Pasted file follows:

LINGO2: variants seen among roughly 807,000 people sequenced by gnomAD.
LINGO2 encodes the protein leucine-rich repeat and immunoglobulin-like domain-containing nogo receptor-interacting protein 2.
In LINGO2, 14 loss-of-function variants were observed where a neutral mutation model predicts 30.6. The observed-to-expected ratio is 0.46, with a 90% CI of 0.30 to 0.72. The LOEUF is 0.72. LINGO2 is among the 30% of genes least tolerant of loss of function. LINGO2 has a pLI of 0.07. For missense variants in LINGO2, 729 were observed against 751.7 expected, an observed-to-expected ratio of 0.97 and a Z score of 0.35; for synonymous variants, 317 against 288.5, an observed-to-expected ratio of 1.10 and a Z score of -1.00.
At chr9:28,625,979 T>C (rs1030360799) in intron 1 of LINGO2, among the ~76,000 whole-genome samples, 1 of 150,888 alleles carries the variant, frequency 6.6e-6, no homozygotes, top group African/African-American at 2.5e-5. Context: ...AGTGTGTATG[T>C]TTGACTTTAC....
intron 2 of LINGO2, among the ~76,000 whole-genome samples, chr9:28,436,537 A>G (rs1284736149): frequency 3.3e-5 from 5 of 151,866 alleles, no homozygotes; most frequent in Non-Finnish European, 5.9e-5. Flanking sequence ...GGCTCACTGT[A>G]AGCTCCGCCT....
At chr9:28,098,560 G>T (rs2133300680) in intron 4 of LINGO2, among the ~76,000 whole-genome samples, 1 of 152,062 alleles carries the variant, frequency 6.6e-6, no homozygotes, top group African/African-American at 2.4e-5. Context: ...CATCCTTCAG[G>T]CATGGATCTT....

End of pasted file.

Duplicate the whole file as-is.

LINGO2: variants seen among roughly 807,000 people sequenced by gnomAD.
LINGO2 encodes the protein leucine-rich repeat and immunoglobulin-like domain-containing nogo receptor-interacting protein 2.
In LINGO2, 14 loss-of-function variants were observed where a neutral mutation model predicts 30.6. The observed-to-expected ratio is 0.46, with a 90% CI of 0.30 to 0.72. The LOEUF is 0.72. LINGO2 is among the 30% of genes least tolerant of loss of function. LINGO2 has a pLI of 0.07. For missense variants in LINGO2, 729 were observed against 751.7 expected, an observed-to-expected ratio of 0.97 and a Z score of 0.35; for synonymous variants, 317 against 288.5, an observed-to-expected ratio of 1.10 and a Z score of -1.00.
At chr9:28,625,979 T>C (rs1030360799) in intron 1 of LINGO2, among the ~76,000 whole-genome samples, 1 of 150,888 alleles carries the variant, frequency 6.6e-6, no homozygotes, top group African/African-American at 2.5e-5. Context: ...AGTGTGTATG[T>C]TTGACTTTAC....
intron 2 of LINGO2, among the ~76,000 whole-genome samples, chr9:28,436,537 A>G (rs1284736149): frequency 3.3e-5 from 5 of 151,866 alleles, no homozygotes; most frequent in Non-Finnish European, 5.9e-5. Flanking sequence ...GGCTCACTGT[A>G]AGCTCCGCCT....
At chr9:28,098,560 G>T (rs2133300680) in intron 4 of LINGO2, among the ~76,000 whole-genome samples, 1 of 152,062 alleles carries the variant, frequency 6.6e-6, no homozygotes, top group African/African-American at 2.4e-5. Context: ...CATCCTTCAG[G>T]CATGGATCTT....